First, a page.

In this stunning book, Malcolm Gladwell takes us on an intellectual journey through the world of “outliers” the best and the brightest, the most famous and the most successful. He asks the question:
what makes high-achievers different? His answer is that we pay too much attention to what successful people are like, and too little attention to where they are from:
That is their culture, their family, their generation, and the idiosyncratic experiences of their upbringing. Along the way, he explains the secrets of software billionaires, what it takes to be a great soccer player, why Asians are good at math, and what made the Beatles the greatest rock band.
The whole point of the book is that outliers are not outliers in ways we might sense they are which is through intelligence, self-determination, or even hard work. Rather, a series of major, somewhat uncontrollable factors have been playing roles in their success. (For those of you who don’t know who/what an outlier is, here is a concise definition from the Oxford dictionary:
“A person or thing differing from all other members of a particular group or set”). What Gladwell suggests is that in arguing about the success we have been far too focused on “individuals” on characteristics, habits, and personalities of those who have risen to the summit of achievement, while in order to understand the real causes, we have to look around them at their culture, ethnicity, family, birth date and generation.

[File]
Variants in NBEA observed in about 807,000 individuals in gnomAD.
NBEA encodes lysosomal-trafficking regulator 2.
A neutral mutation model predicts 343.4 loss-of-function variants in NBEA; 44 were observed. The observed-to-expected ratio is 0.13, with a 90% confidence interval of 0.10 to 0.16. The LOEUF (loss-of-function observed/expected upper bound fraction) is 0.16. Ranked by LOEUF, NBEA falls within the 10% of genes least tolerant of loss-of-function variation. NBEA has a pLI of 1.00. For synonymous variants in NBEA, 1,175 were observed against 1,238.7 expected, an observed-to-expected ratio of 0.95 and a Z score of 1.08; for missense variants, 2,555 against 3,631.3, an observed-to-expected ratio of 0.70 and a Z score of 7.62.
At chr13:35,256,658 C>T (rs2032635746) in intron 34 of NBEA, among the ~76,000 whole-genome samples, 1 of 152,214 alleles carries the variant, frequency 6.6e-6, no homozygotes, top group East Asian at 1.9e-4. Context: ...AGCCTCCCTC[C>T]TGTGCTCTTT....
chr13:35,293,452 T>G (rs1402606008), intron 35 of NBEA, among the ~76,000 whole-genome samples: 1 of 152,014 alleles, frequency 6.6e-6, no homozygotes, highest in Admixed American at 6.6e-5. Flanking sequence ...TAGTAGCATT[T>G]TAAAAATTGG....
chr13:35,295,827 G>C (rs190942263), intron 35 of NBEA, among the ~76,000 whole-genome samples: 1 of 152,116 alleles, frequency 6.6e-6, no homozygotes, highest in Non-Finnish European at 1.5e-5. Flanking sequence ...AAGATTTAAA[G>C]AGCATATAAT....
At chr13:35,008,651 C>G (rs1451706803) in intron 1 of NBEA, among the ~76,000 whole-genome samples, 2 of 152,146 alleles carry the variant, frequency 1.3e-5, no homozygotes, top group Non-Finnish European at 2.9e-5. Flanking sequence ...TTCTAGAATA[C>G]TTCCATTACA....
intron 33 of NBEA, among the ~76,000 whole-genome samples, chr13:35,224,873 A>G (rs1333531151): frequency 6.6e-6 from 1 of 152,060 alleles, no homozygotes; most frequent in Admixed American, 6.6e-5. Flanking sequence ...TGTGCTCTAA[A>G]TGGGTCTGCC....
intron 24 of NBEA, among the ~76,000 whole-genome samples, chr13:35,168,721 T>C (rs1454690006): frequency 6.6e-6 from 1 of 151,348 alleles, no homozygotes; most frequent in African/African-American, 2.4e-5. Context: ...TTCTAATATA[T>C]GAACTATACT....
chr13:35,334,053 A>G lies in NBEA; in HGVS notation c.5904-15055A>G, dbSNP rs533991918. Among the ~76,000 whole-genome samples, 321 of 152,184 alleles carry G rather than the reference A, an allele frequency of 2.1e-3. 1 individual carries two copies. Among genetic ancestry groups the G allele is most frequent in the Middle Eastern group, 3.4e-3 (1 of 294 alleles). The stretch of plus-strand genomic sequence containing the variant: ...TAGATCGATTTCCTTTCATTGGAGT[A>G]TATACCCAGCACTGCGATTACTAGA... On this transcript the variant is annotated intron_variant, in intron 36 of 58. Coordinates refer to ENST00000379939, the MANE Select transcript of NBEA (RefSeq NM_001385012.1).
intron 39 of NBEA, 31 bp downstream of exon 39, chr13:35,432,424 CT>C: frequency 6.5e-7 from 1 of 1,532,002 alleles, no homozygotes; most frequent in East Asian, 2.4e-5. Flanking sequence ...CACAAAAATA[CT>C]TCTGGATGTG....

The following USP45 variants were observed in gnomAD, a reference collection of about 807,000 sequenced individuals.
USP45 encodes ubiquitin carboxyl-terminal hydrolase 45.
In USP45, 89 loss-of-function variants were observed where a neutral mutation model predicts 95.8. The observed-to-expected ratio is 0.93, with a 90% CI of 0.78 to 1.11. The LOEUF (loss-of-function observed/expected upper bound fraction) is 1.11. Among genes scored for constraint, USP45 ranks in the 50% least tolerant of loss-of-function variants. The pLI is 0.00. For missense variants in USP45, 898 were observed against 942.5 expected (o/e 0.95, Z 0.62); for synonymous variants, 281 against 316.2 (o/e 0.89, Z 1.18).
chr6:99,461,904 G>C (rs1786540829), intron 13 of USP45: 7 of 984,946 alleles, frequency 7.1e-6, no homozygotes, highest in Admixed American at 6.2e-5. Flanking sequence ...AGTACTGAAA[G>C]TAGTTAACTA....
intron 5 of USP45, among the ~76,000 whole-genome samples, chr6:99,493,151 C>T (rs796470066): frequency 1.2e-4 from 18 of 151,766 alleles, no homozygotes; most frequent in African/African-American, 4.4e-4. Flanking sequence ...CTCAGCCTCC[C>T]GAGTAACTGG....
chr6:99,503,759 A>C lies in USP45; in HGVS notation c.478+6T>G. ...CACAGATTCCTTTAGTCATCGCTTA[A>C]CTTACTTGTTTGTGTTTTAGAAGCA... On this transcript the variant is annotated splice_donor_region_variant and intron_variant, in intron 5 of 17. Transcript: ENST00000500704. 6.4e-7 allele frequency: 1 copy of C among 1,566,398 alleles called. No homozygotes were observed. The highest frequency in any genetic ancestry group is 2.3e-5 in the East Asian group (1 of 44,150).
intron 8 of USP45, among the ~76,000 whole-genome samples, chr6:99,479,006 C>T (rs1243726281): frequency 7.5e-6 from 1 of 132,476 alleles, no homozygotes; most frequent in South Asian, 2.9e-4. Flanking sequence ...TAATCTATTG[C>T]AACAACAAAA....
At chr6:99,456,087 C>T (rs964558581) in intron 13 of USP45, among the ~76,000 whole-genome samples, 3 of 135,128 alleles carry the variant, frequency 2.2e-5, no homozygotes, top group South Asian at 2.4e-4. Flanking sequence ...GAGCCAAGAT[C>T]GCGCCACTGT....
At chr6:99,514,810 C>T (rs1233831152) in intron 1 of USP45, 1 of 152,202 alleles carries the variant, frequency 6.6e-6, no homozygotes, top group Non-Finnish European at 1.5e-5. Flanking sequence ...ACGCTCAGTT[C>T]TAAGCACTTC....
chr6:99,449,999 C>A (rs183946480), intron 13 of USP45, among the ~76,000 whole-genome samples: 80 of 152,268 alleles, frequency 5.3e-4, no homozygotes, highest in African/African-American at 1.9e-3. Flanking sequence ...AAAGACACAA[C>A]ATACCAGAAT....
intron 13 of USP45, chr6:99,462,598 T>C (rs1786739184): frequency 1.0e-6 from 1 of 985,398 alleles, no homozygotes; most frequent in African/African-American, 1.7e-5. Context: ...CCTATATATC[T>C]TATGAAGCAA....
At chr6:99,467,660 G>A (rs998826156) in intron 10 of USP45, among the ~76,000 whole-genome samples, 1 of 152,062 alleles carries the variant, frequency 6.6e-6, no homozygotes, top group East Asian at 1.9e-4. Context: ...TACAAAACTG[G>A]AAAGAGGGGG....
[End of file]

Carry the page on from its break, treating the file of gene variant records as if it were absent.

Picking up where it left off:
In one chapter, he outlines the relation between being born in the first 3 months of the year and becoming a professional hockey player. In another, he mentions the surprising number of professional Jewish lawyers, all born in Brooklyn or Bronx in the mid-1930s and to parents who worked for the clothing industry Wait! Did you know that there is a magic year to be born if you want to become a software entrepreneur?
Did you know that the reason why Asians are so good at math is because of their rice padding tradition? What about this one? : Did you know that Bill Gates, Joe Flom at Skadden, Oppenheimer, and Chris Langan (“the smartest” man in the world) had all two things in common: 10,000 hours of work before hitting their strides and living in the atmosphere of luck… So many patterns, right?!
Let’s not spoil anymore. Go on reading this book. You’ll be even more amazed! It makes you understand how much a social work success is and how a society can control who and how many people succeed.
“Outliers are not outliers at all. They are the products of history and community, of opportunity and legacy. Their success is not exceptional or mysterious.
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